There are multiple instances of U.S. corporations, such as Disney, abusing the H-1B visa program.10 Disney essentially used the H-1B visa program to replace some of its employees with cheaper foreign labor, while humiliating the laid-off employees by forcing them to train their replacements.11. The abuse of the H-1B visa program by Disney and the like shows the shortcomings of the current visa system. It allows employers to hire cheaper foreign talent in lieu of American workers, while not enabling businesses to attract and retain a sufficient number of STEM talents to fill the shortage in the tech industry. One could infer that cheaper labor leads to more profits, and therefore should compel these profit-maximizing firms to continue the practice of replacing American labor with cheaper foreign laborers. However, one should at least consider the fact that a rational government would not design a visa program such as the H-1B to replace domestic workers with cheaper foreigners. The whole existence of any such “skilled” work visas are premised on the desire to attract more talented and hard-working labor to the country. The current administration has latched on to this wrongly fused hype and put in place further restrictions on the H-1B program by disallowing spouses of visa holders to work in the U.S.12 Restricting the spouses of H-1B visa holders from working will not solve a broken visa system that does not respond to the demands of the STEM industry, fails to consider enough intangibles i.e. occupation, credentials, merits and time spent in the U.S., and allows U.S. companies to find loopholes to displace American workers. The broken visa system is also hurting the U.S. economy. Multiple tech companies in the Bay Area and Silicon Valley are now contemplating moving their operations to Canada to provide better work security to its employees.13 The fiscal impact of H-1B visas also must not be overlooked. A Senate proposal back in 2013 proposed to increase the number of H-1B visa by 180,000.14 The proposed reform was set to generate an additional $456 billion to GDP and $113 billion to federal tax revenue over the next ten years, yet it was not passed and expired with the 113th Congress.15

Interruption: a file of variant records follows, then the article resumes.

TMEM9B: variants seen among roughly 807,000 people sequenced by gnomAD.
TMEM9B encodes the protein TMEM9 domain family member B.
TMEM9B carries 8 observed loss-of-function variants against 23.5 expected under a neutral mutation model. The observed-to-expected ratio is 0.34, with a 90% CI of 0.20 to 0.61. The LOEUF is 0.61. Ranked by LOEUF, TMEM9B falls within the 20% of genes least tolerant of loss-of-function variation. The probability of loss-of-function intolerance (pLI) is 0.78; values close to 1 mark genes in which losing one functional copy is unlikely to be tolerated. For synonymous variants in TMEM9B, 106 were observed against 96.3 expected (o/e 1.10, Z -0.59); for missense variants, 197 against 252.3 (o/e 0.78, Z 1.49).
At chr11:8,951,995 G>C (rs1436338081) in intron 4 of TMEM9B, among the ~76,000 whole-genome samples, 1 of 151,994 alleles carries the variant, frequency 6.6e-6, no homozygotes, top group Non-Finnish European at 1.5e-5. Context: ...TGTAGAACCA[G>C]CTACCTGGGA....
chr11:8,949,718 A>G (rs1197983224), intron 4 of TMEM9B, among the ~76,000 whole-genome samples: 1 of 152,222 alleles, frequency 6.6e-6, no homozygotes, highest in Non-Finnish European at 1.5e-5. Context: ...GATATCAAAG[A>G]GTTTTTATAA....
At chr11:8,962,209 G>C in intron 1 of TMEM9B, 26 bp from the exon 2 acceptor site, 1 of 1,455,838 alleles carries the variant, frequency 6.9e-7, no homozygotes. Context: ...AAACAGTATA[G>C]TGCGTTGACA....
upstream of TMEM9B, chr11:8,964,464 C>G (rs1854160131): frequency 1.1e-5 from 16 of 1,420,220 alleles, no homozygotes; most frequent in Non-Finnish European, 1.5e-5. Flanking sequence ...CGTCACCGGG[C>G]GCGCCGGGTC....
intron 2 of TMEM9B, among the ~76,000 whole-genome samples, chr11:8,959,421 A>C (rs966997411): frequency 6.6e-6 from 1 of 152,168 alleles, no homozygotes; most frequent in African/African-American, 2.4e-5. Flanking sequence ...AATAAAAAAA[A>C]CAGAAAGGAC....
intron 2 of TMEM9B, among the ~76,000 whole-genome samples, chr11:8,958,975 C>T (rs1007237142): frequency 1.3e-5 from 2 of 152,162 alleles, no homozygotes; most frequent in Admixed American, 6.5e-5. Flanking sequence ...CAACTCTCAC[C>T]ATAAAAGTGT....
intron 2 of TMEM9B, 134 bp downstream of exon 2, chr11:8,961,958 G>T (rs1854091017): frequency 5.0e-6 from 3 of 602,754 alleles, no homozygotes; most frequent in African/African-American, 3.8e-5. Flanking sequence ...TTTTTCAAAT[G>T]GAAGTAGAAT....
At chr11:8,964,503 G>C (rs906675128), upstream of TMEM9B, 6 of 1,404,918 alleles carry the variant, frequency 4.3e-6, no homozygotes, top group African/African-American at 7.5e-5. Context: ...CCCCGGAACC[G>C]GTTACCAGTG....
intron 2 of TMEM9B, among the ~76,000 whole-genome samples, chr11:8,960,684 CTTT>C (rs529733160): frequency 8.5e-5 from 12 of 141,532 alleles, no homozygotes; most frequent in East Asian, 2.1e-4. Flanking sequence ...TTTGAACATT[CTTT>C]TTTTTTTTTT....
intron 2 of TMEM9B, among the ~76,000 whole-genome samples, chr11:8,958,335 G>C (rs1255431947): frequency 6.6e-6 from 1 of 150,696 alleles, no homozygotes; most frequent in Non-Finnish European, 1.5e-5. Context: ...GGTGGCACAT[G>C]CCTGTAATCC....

Going forward, there are some positives to look forward to. Senator Hatch of Utah, has proposed a bill that would expand the current cap on the H-1B up to 195,000 based on demand.16 More importantly, the cap would not apply to holders of a U.S. STEM bachelor’s degree or a U.S. master’s degree or higher.17 This could cause a drastic increase in the number of work visas given to foreigners, but to a domestic tech industry that is suffering from a critical shortage of labor, this would certainly go a long way in helping to solve that problem. Interestingly, this could also help U.S. higher education institutions, since a U.S. STEM degree or any master’s degree could theoretically guarantee employment. However, the expensive and arduous process of obtaining the H-1B visa means that foreign workers will still face an uphill battle to find employment in the United States, which should provide some comfort to those worried about the overwhelming influx of foreign workers.